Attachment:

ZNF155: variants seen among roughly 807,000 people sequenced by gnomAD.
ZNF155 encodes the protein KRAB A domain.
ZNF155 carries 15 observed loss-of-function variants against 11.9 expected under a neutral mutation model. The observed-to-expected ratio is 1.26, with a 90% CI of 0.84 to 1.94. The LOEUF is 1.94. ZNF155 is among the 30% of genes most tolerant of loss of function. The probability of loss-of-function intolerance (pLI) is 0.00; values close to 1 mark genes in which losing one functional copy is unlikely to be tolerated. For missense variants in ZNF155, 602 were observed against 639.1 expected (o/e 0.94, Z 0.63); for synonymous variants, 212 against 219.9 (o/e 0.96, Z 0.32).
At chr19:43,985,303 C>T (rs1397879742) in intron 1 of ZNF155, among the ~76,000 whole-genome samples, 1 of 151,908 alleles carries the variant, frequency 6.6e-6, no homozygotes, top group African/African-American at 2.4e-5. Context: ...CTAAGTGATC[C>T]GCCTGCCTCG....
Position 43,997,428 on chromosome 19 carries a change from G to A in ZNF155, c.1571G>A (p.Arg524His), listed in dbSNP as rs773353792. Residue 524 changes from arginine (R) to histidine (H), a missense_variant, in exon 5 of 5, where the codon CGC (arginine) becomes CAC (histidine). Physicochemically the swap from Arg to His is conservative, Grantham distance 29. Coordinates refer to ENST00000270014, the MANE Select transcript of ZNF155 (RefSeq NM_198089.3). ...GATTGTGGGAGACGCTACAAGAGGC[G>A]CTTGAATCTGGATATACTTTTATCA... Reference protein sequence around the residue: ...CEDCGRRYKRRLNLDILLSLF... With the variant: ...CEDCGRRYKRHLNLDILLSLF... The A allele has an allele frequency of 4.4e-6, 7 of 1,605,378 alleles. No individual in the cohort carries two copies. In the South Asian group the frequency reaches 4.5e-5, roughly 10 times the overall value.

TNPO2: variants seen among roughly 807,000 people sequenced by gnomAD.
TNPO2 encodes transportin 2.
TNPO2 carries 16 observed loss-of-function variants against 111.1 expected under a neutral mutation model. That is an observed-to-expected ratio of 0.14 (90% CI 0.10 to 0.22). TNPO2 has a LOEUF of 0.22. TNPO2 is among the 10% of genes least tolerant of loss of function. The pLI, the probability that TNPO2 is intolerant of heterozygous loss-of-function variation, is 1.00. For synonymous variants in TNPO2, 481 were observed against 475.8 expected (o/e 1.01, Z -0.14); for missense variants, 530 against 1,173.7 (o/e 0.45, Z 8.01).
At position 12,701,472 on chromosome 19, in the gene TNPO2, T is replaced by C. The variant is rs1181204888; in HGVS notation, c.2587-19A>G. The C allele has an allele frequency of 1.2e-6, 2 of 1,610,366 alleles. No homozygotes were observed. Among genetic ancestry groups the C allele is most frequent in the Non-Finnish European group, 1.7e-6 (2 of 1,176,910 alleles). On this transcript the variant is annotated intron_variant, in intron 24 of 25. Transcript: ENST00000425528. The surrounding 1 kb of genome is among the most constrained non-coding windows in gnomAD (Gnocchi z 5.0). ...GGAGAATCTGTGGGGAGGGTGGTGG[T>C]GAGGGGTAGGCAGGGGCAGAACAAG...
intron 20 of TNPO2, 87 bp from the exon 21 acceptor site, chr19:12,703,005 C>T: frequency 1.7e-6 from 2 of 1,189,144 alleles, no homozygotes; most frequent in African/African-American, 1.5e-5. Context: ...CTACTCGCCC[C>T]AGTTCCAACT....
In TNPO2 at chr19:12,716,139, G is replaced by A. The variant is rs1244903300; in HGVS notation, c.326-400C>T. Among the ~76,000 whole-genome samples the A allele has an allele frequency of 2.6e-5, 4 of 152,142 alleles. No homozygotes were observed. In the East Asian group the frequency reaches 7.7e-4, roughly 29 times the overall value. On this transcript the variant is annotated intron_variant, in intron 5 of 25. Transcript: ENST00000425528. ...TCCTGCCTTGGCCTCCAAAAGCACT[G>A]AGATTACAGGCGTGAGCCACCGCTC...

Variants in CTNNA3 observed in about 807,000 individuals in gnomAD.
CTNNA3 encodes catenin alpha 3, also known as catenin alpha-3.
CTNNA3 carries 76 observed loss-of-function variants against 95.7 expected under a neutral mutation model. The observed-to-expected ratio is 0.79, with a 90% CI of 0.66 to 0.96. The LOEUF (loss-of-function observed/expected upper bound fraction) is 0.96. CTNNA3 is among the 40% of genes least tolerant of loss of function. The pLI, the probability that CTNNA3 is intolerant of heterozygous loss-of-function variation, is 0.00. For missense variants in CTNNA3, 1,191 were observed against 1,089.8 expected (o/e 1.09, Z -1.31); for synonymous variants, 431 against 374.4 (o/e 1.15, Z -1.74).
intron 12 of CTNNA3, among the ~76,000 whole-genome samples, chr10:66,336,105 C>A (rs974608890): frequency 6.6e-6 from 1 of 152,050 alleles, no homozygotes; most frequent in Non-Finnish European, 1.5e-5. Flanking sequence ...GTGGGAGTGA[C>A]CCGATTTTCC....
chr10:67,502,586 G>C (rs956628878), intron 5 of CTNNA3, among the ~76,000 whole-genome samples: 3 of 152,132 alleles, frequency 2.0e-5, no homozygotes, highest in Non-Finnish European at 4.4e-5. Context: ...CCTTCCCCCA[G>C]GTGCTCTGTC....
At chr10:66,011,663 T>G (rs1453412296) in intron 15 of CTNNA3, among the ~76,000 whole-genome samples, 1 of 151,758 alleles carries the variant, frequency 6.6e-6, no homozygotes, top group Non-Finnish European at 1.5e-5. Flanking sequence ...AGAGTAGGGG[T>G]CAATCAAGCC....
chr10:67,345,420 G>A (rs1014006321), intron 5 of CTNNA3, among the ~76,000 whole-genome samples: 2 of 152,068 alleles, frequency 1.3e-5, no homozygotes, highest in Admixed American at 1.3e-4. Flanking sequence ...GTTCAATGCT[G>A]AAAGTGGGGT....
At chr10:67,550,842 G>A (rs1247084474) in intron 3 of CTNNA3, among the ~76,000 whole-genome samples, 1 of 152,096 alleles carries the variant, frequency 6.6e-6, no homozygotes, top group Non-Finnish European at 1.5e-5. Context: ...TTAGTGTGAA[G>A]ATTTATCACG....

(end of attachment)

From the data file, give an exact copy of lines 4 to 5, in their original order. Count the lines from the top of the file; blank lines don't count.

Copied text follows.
At chr19:43,985,303 C>T (rs1397879742) in intron 1 of ZNF155, among the ~76,000 whole-genome samples, 1 of 151,908 alleles carries the variant, frequency 6.6e-6, no homozygotes, top group African/African-American at 2.4e-5. Context: ...CTAAGTGATC[C>T]GCCTGCCTCG....
Position 43,997,428 on chromosome 19 carries a change from G to A in ZNF155, c.1571G>A (p.Arg524His), listed in dbSNP as rs773353792. Residue 524 changes from arginine (R) to histidine (H), a missense_variant, in exon 5 of 5, where the codon CGC (arginine) becomes CAC (histidine). Physicochemically the swap from Arg to His is conservative, Grantham distance 29. Coordinates refer to ENST00000270014, the MANE Select transcript of ZNF155 (RefSeq NM_198089.3). ...GATTGTGGGAGACGCTACAAGAGGC[G>A]CTTGAATCTGGATATACTTTTATCA... Reference protein sequence around the residue: ...CEDCGRRYKRRLNLDILLSLF... With the variant: ...CEDCGRRYKRHLNLDILLSLF... The A allele has an allele frequency of 4.4e-6, 7 of 1,605,378 alleles. No individual in the cohort carries two copies. In the South Asian group the frequency reaches 4.5e-5, roughly 10 times the overall value.